The company has since released results of additional testing, saying the devices were “not expected to result in appreciable harm to health in patients,” and it said it was continuing to conduct tests. The F.D.A. has pushed back on some of the company’s updated claims, and at one point called them “unpersuasive.” Philips has also faced continuing scrutiny and undertaken more recalls in its attempts to upgrade the devices.
Dr. Jeff Shuren, director of the F.D.A.’s device division, said the agency could not comment until the agreement was finalized and filed with the court.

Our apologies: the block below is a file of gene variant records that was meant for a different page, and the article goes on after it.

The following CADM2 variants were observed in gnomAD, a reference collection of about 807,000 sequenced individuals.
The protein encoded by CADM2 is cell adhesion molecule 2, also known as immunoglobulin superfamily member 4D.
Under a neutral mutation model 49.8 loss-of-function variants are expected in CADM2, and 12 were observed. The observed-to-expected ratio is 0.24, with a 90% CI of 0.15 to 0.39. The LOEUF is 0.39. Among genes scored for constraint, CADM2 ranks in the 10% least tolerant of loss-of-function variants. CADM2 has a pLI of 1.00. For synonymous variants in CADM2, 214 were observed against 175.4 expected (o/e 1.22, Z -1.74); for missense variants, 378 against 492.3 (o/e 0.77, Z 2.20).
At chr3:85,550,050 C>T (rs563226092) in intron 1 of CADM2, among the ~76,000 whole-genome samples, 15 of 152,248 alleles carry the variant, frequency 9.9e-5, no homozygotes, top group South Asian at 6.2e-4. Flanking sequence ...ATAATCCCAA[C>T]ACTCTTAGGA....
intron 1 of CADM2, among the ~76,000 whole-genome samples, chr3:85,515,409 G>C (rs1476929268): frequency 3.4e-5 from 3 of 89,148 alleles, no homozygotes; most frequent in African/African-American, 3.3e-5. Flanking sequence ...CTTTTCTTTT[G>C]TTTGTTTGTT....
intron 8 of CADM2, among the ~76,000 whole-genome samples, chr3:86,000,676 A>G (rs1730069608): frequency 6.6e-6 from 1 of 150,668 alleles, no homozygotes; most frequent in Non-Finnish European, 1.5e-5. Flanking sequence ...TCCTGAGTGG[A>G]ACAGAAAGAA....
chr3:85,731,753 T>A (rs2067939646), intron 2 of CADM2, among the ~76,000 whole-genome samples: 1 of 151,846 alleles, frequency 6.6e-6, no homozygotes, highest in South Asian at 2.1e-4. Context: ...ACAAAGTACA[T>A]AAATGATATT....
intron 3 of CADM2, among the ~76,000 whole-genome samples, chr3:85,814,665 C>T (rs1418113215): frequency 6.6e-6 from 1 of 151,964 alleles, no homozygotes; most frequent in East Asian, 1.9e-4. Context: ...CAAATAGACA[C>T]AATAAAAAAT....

The initial recall affected about 15 million breathing machines produced since 2006, though roughly five million were still in circulation in mid-2021.
With replacements not immediately available, the recall caused confusion and upset for many doctors and patients. Many struggled to weigh the risk of continuing to use a faulty device against the peril of sleeping with impaired breathing.
Millions of people suffer from sleep apnea, or interrupted breathing, which is associated with elevated rates of strokes, heart attacks and possible cognitive decline. Recalled machines included CPAP, or continuous positive airway pressure, machines; BiPap devices; and ventilators.